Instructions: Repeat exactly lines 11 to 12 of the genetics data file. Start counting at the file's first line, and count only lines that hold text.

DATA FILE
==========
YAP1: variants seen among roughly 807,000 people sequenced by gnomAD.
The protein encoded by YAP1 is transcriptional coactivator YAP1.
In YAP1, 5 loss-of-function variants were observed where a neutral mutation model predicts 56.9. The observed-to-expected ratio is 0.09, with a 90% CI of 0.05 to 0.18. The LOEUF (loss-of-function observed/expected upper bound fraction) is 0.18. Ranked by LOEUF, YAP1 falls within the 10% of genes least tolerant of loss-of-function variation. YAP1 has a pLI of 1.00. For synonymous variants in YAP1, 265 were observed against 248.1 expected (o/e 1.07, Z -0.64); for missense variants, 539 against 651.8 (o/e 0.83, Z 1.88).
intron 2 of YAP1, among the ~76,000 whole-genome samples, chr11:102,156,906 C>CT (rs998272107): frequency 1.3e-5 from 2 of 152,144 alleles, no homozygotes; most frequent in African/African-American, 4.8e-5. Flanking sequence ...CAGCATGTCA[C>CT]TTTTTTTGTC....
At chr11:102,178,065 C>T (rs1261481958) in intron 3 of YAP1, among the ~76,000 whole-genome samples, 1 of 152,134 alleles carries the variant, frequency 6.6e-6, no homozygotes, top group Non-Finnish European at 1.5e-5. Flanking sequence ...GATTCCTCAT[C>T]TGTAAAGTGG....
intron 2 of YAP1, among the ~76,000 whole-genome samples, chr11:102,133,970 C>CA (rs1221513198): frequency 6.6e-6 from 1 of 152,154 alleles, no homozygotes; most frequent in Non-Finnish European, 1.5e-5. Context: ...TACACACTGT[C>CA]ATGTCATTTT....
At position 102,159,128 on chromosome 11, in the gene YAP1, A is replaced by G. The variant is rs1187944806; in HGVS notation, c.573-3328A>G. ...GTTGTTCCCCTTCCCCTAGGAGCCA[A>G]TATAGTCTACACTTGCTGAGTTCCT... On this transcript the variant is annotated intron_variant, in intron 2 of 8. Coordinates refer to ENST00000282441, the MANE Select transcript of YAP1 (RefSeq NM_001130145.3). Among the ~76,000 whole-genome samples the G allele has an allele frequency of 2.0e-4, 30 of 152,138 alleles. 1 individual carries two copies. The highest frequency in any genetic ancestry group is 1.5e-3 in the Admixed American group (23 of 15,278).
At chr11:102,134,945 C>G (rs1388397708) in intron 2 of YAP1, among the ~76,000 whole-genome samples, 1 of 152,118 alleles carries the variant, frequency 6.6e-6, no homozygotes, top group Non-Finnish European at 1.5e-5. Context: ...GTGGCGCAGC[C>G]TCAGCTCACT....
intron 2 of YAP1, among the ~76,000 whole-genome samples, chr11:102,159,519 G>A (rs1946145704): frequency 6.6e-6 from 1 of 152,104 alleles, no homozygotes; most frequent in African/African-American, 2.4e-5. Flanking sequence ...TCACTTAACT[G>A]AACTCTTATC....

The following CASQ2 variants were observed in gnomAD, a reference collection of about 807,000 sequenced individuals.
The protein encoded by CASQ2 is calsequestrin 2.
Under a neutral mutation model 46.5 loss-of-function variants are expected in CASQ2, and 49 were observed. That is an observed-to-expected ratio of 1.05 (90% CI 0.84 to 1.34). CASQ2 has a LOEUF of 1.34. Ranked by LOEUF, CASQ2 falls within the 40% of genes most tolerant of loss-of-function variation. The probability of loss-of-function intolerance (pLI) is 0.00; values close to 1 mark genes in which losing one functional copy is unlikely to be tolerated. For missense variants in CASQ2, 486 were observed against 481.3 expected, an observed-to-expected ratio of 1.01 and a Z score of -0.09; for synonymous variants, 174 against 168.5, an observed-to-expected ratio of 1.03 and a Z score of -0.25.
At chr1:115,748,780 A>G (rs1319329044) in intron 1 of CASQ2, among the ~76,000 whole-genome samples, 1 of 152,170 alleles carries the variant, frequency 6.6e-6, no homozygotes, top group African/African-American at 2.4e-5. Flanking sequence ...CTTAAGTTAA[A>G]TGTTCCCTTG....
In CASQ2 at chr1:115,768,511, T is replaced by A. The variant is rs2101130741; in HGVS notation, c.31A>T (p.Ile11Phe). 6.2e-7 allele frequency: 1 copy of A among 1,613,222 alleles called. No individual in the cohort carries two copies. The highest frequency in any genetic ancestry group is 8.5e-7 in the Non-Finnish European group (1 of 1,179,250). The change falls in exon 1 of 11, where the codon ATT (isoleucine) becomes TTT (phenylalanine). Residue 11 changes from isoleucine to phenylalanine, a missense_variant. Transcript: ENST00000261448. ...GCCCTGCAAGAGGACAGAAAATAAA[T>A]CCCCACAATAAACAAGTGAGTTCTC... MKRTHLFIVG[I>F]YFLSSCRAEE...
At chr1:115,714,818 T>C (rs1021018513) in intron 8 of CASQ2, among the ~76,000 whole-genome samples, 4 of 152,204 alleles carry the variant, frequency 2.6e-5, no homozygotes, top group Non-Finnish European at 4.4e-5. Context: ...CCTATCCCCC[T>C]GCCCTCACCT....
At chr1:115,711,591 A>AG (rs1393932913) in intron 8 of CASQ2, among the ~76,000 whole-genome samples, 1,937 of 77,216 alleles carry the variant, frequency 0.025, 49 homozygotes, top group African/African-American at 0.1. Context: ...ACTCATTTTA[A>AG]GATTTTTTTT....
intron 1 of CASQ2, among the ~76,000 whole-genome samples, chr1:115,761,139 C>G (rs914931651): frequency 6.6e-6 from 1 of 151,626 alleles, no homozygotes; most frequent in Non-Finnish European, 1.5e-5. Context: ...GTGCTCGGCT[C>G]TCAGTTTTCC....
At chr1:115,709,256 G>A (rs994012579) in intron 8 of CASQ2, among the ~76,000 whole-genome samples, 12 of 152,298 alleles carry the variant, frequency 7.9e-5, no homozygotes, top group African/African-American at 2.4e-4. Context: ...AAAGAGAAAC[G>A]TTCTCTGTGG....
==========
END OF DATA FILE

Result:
The protein encoded by CASQ2 is calsequestrin 2.
Under a neutral mutation model 46.5 loss-of-function variants are expected in CASQ2, and 49 were observed. That is an observed-to-expected ratio of 1.05 (90% CI 0.84 to 1.34). CASQ2 has a LOEUF of 1.34. Ranked by LOEUF, CASQ2 falls within the 40% of genes most tolerant of loss-of-function variation. The probability of loss-of-function intolerance (pLI) is 0.00; values close to 1 mark genes in which losing one functional copy is unlikely to be tolerated. For missense variants in CASQ2, 486 were observed against 481.3 expected, an observed-to-expected ratio of 1.01 and a Z score of -0.09; for synonymous variants, 174 against 168.5, an observed-to-expected ratio of 1.03 and a Z score of -0.25.